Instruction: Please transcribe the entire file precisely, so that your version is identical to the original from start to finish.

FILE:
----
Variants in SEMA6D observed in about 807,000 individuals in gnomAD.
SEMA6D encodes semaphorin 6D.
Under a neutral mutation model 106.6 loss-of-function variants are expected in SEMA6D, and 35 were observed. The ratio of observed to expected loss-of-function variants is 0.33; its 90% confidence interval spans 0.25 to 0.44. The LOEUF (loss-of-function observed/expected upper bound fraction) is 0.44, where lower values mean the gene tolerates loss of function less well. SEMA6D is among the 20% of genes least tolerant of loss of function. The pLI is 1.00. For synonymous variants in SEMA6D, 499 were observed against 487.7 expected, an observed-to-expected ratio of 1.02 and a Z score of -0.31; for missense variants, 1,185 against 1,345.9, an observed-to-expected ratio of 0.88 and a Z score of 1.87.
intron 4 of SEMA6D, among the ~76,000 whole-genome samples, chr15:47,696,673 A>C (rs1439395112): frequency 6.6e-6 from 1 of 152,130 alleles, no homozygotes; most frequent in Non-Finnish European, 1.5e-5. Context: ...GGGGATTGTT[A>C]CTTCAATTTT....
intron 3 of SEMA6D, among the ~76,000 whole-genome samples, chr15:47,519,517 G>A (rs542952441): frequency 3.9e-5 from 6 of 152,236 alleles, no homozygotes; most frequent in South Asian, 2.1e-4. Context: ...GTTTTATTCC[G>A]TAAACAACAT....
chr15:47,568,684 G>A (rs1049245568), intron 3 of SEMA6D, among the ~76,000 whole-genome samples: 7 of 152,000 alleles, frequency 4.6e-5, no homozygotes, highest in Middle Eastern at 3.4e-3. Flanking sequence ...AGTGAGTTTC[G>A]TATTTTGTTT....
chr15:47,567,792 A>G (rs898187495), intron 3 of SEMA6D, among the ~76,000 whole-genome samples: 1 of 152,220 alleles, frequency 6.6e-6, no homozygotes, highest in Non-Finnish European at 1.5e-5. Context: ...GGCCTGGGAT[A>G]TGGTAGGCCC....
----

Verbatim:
Variants in SEMA6D observed in about 807,000 individuals in gnomAD.
SEMA6D encodes semaphorin 6D.
Under a neutral mutation model 106.6 loss-of-function variants are expected in SEMA6D, and 35 were observed. The ratio of observed to expected loss-of-function variants is 0.33; its 90% confidence interval spans 0.25 to 0.44. The LOEUF (loss-of-function observed/expected upper bound fraction) is 0.44, where lower values mean the gene tolerates loss of function less well. SEMA6D is among the 20% of genes least tolerant of loss of function. The pLI is 1.00. For synonymous variants in SEMA6D, 499 were observed against 487.7 expected, an observed-to-expected ratio of 1.02 and a Z score of -0.31; for missense variants, 1,185 against 1,345.9, an observed-to-expected ratio of 0.88 and a Z score of 1.87.
intron 4 of SEMA6D, among the ~76,000 whole-genome samples, chr15:47,696,673 A>C (rs1439395112): frequency 6.6e-6 from 1 of 152,130 alleles, no homozygotes; most frequent in Non-Finnish European, 1.5e-5. Context: ...GGGGATTGTT[A>C]CTTCAATTTT....
intron 3 of SEMA6D, among the ~76,000 whole-genome samples, chr15:47,519,517 G>A (rs542952441): frequency 3.9e-5 from 6 of 152,236 alleles, no homozygotes; most frequent in South Asian, 2.1e-4. Context: ...GTTTTATTCC[G>A]TAAACAACAT....
chr15:47,568,684 G>A (rs1049245568), intron 3 of SEMA6D, among the ~76,000 whole-genome samples: 7 of 152,000 alleles, frequency 4.6e-5, no homozygotes, highest in Middle Eastern at 3.4e-3. Flanking sequence ...AGTGAGTTTC[G>A]TATTTTGTTT....
chr15:47,567,792 A>G (rs898187495), intron 3 of SEMA6D, among the ~76,000 whole-genome samples: 1 of 152,220 alleles, frequency 6.6e-6, no homozygotes, highest in Non-Finnish European at 1.5e-5. Context: ...GGCCTGGGAT[A>G]TGGTAGGCCC....